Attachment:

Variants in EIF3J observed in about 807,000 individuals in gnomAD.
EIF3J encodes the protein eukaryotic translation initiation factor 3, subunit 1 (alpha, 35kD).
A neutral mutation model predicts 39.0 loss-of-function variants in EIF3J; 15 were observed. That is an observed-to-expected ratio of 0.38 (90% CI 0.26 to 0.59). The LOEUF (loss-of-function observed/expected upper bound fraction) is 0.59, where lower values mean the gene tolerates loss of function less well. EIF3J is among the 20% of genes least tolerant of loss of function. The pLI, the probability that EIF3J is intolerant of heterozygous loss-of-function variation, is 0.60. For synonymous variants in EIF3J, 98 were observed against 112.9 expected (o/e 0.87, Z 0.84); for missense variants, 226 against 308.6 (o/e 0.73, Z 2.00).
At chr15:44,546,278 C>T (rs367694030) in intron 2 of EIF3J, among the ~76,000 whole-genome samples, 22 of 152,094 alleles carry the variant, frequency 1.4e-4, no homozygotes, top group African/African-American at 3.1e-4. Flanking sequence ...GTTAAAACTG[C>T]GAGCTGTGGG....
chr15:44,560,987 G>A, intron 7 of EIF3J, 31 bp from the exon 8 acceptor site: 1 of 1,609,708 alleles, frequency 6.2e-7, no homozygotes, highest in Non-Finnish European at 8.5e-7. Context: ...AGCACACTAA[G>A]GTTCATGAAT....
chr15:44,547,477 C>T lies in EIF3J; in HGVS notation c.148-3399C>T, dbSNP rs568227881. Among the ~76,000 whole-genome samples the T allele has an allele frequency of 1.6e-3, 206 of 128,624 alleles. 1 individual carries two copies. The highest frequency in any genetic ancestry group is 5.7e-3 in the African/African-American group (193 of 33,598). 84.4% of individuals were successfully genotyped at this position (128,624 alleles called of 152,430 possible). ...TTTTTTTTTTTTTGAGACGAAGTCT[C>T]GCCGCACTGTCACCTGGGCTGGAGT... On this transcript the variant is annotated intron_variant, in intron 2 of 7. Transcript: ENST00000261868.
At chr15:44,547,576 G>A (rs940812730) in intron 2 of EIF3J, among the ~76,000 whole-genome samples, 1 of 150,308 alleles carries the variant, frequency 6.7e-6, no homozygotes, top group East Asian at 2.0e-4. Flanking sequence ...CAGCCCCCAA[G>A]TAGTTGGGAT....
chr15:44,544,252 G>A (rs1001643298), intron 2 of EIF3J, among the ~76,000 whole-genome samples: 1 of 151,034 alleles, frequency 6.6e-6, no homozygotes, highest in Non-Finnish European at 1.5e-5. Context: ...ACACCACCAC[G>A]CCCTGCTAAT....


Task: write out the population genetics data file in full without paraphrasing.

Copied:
Variants in EIF3J observed in about 807,000 individuals in gnomAD.
EIF3J encodes the protein eukaryotic translation initiation factor 3, subunit 1 (alpha, 35kD).
A neutral mutation model predicts 39.0 loss-of-function variants in EIF3J; 15 were observed. That is an observed-to-expected ratio of 0.38 (90% CI 0.26 to 0.59). The LOEUF (loss-of-function observed/expected upper bound fraction) is 0.59, where lower values mean the gene tolerates loss of function less well. EIF3J is among the 20% of genes least tolerant of loss of function. The pLI, the probability that EIF3J is intolerant of heterozygous loss-of-function variation, is 0.60. For synonymous variants in EIF3J, 98 were observed against 112.9 expected (o/e 0.87, Z 0.84); for missense variants, 226 against 308.6 (o/e 0.73, Z 2.00).
At chr15:44,546,278 C>T (rs367694030) in intron 2 of EIF3J, among the ~76,000 whole-genome samples, 22 of 152,094 alleles carry the variant, frequency 1.4e-4, no homozygotes, top group African/African-American at 3.1e-4. Flanking sequence ...GTTAAAACTG[C>T]GAGCTGTGGG....
chr15:44,560,987 G>A, intron 7 of EIF3J, 31 bp from the exon 8 acceptor site: 1 of 1,609,708 alleles, frequency 6.2e-7, no homozygotes, highest in Non-Finnish European at 8.5e-7. Context: ...AGCACACTAA[G>A]GTTCATGAAT....
chr15:44,547,477 C>T lies in EIF3J; in HGVS notation c.148-3399C>T, dbSNP rs568227881. Among the ~76,000 whole-genome samples the T allele has an allele frequency of 1.6e-3, 206 of 128,624 alleles. 1 individual carries two copies. The highest frequency in any genetic ancestry group is 5.7e-3 in the African/African-American group (193 of 33,598). 84.4% of individuals were successfully genotyped at this position (128,624 alleles called of 152,430 possible). ...TTTTTTTTTTTTTGAGACGAAGTCT[C>T]GCCGCACTGTCACCTGGGCTGGAGT... On this transcript the variant is annotated intron_variant, in intron 2 of 7. Transcript: ENST00000261868.
At chr15:44,547,576 G>A (rs940812730) in intron 2 of EIF3J, among the ~76,000 whole-genome samples, 1 of 150,308 alleles carries the variant, frequency 6.7e-6, no homozygotes, top group East Asian at 2.0e-4. Flanking sequence ...CAGCCCCCAA[G>A]TAGTTGGGAT....
chr15:44,544,252 G>A (rs1001643298), intron 2 of EIF3J, among the ~76,000 whole-genome samples: 1 of 151,034 alleles, frequency 6.6e-6, no homozygotes, highest in Non-Finnish European at 1.5e-5. Context: ...ACACCACCAC[G>A]CCCTGCTAAT....